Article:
And so there's an even smaller improvement here that is still noteworthy and the kind of update that will make longtime users happy. You can now set FileMaker Pro 18 so that when it's launched, it opens a specific database. That's it. Your user can just go straight into the app you and they want them to.
If you are an existing and longtime user, the first thing to know is that this new version is actually FileMaker Pro 18 Advanced. Last year the company dropped the standard or non-Advanced version. This year it's tending to drop the name, too, though you will still see it when you launch the app.
This means both that every developer gets all the features of Advanced, and that the pricing is still more than it was back in the days of a standard edition.
That can mean that if you tend to buy FileMaker Pro outright, you need a compelling reason to buy it again in version 18, and there is no one outright must-have, must-buy new feature.
Yet despite still having these annual tentpole releases, FileMaker is really becoming a subscription app with a continuous series of updates. FileMaker has long had a site licence system, and it must because of how very many corporate users it has, so it isn't truly marketed as a new subscription service but it effectively is.
FileMaker Pro 18 seems to us be another solid reason to get onto that subscription service. While there's nothing that will make you throw out version 17 and rush to buy this one, there are so many key improvements that nothing would make you chuck away version 18 and go back to last year's edition.
Such as improvements to scripting, FileMaker Pro's system for automating how your database apps work.
FileMaker Pro 18 brings new scripting steps that make it easier to export logs and to manage data that is in some external location, not even inside your database. The makers say that this feature will replace some third-party options called plugins.
That may not be a great thing for the developers of those plugins, but it's good news for many FileMaker users.
Every user who writes scripts, though, is going to like how FileMaker Pro 18 has added new debugging tools. There's a new feature that lets you stop to see the state of variables or anything else in a script, for instance. It's the same idea as the Quick Look feature in Siri Shortcuts, if on a rather bigger scale.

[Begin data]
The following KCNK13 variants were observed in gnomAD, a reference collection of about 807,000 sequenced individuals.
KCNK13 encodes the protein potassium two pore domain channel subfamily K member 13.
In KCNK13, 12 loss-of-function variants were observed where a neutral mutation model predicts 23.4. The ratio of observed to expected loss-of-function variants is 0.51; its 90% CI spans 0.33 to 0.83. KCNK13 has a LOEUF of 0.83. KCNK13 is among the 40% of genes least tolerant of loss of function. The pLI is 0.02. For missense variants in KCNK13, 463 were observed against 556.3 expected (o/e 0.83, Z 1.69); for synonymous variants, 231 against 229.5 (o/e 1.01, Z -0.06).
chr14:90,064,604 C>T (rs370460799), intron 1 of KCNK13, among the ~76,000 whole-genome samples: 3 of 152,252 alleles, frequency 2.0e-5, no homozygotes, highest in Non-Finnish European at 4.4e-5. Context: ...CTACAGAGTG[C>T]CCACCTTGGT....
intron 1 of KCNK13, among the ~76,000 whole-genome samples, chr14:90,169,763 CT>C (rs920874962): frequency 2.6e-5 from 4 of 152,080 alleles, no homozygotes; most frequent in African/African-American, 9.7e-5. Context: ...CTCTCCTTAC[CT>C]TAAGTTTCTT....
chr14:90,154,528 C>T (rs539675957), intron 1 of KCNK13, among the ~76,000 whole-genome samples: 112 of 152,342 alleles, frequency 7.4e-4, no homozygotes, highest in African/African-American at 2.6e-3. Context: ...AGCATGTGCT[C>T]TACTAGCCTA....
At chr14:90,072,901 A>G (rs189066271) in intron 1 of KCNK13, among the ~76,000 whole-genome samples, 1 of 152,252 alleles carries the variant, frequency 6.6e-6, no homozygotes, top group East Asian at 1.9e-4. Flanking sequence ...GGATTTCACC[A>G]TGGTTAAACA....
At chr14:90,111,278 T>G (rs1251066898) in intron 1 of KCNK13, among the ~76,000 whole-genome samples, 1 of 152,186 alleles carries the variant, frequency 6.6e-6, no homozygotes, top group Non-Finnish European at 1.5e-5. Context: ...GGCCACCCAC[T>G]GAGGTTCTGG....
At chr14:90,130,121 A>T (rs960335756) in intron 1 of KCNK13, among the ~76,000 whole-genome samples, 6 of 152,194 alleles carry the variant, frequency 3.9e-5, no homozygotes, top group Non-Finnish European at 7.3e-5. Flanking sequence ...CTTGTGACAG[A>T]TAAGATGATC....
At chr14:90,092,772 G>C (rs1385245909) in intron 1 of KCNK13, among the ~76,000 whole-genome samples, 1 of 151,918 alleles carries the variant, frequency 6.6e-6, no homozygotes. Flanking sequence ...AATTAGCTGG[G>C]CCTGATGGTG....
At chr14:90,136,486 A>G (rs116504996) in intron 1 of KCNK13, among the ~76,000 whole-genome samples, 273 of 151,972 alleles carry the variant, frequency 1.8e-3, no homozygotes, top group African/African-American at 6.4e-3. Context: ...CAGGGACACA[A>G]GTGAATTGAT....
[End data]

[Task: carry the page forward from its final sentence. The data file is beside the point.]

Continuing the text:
And there are new or improved calculation functions, most notably one called While. This lets you repeat a calculation until a certain result or while a certain condition is true. That means you don't have to be so prescriptive with loops that you set to run a certain number of times. Or you don't have to do quite as much work writing script steps that determine whether to repeat a loop or not.
Then as scripts can become monstrously complicated, there's now also an improved ability to compare different versions. You can export a script in XML and then compare it to previous ones.
Security and safety
When you have so many users with so many different levels of either interest or technical competency, you need to provide what they need but also to save them and you from inadvertently causing problems.
What you've always had to do is set security levels that determine who can do what.
Now in FileMaker Pro 18, there is an improved system for doing this, and specifically for granting and denying permissions to people, which should speed up the job.
Then lastly, there is the inevitable fact that your FileMaker database solution app is going to crash some time. Hopefully it's not going to be your fault, but whether you've managed to make this robust system a bit wobbly, or it's just that there's a power failure, there's a new Startup Restoration feature.
When you re-launch FileMaker Pro 18 after a power failure or any other problem, it will work in the background to minimize data loss. Anything that hadn't finished being written to storage will be written now, for instance.
The makers say that it's practically invisible, that you don't have to notice it working, it's just that the database is protected.
That protection is crucial. You can corrupt a FileMaker database and make it unusable, so a recovery system that checks it out and fixes problems is superb.
We'll have to see what it's like over time, though, as an invisible fix makes us wary. If a failure like this means some data is not saved, even the tiniest amount, then we'd rather we knew about it than just had the database continue as if everything was fine.
It's better to be upset about trivial data loss now than to find out in a year's time that a phone number wasn't saved to your contacts database solution.
We talked in detail last year about how the new pricing system for FileMaker Pro 17 worked and that's all the same today. The cost of buying FileMaker Pro 18 for yourself as a solo developer or consultant, remains $540.
In summary, though, if you're in a group, we recommend signing up for the FileMaker Pro 18 platform paying a regular subscription fee. It starts from $15 per month per user and those users can be on Mac or Windows — the two versions are again identical — plus you get the iOS FileMaker Go plus cloud solutions.
And we do recommend it. FileMaker Pro may never be as mainstream as, say, Pages or Word, but it is an enormously powerful tool that we rely on.
It's also an enormously enjoyable tool, and if you think we're mad for relishing a database of all things, you just haven't spent enough time in FileMaker Pro yet.